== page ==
Court’s decision pushes for full disclosure on Village at Wolf Creek

By: Tracy Chamberlin, Durango Telegraph
October 8, 2015

After three decades of debate, the U.S. Forest Service handed down a decision earlier this year that made it seem like the time had come to break out the shovels. But, the battle for the Village at Wolf Creek is far from over.

“I don’t think the village is inevitable,” said Matt Sandler, staff attorney for Rocky Mountain Wild, an environmental group opposed to the development that could bring 8,000 people to the top of Wolf Creek Pass.

The battle over the village essentially began in 1986 when the Forest Service approved a land swap with Texas-based developer B.J. “Red” McCombs. In exchange for property he owned in Saguache County, McCombs received 300 acres of national forest land just outside Wolf Creek Ski Area – the same acreage at the center of the current dispute.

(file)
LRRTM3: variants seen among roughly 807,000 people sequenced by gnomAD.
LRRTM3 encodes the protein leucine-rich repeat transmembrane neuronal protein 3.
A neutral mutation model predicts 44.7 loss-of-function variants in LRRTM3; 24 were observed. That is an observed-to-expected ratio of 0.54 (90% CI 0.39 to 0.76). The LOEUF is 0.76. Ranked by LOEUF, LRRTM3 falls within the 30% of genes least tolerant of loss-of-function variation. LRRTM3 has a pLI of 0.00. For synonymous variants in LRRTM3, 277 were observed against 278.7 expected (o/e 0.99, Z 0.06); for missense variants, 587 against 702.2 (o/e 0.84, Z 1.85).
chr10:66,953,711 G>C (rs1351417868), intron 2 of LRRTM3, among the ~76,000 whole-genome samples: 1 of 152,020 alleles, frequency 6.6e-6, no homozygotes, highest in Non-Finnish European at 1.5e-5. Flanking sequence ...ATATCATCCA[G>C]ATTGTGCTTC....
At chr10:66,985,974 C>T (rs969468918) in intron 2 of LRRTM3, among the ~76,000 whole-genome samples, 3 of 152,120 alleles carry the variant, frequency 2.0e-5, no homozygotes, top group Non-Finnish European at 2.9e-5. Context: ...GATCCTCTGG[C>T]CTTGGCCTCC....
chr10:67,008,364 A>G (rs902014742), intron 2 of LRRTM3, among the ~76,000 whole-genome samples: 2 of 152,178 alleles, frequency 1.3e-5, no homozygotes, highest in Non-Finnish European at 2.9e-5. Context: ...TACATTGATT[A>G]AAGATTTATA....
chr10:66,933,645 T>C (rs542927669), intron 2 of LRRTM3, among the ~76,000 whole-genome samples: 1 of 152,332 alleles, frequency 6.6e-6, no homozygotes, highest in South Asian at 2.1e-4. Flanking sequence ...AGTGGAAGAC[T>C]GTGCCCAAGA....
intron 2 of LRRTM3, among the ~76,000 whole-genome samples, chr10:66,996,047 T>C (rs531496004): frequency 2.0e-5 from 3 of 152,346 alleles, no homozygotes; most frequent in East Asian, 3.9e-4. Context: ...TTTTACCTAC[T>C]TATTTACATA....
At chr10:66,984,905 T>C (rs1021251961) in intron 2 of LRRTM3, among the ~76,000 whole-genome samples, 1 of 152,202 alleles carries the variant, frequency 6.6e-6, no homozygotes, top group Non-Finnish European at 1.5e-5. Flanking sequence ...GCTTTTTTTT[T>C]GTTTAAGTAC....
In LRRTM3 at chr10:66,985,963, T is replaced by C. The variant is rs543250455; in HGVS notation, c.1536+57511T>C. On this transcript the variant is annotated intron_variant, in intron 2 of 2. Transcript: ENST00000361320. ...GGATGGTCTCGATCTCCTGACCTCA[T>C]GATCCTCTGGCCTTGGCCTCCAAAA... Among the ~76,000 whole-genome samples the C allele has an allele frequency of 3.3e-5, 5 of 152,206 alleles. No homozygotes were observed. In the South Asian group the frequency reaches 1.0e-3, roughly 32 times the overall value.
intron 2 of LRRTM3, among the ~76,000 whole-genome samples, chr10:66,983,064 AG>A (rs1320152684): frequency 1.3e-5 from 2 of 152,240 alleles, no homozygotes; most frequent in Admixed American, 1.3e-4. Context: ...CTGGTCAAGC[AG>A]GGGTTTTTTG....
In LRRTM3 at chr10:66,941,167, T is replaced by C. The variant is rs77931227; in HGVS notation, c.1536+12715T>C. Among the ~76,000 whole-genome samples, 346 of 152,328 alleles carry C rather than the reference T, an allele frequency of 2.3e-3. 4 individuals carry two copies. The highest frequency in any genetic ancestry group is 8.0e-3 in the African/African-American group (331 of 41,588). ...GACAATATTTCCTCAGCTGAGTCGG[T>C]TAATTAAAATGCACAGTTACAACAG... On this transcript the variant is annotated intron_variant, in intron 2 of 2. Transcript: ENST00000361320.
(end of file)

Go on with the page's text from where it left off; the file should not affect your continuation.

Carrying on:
This property is surrounded by public lands and called an in-holding. It can be reached in the summer months on a Forest Service road off Highway 160, but the road closes and the property becomes unreachable in winter.

Under federal law, if private property is surrounded by conservation lands, like national forest, the landowners must be granted access. It’s up to the Forest Service to determine the best way to go about it – either allowing for access roads over federal land or approving another land swap.

Opponents of the village, though, think there’s a third option. “There’s always the hope the landowner would come to the realization this isn’t something the people want,” Sandler said.

Read the full article at Durango Telegraph.

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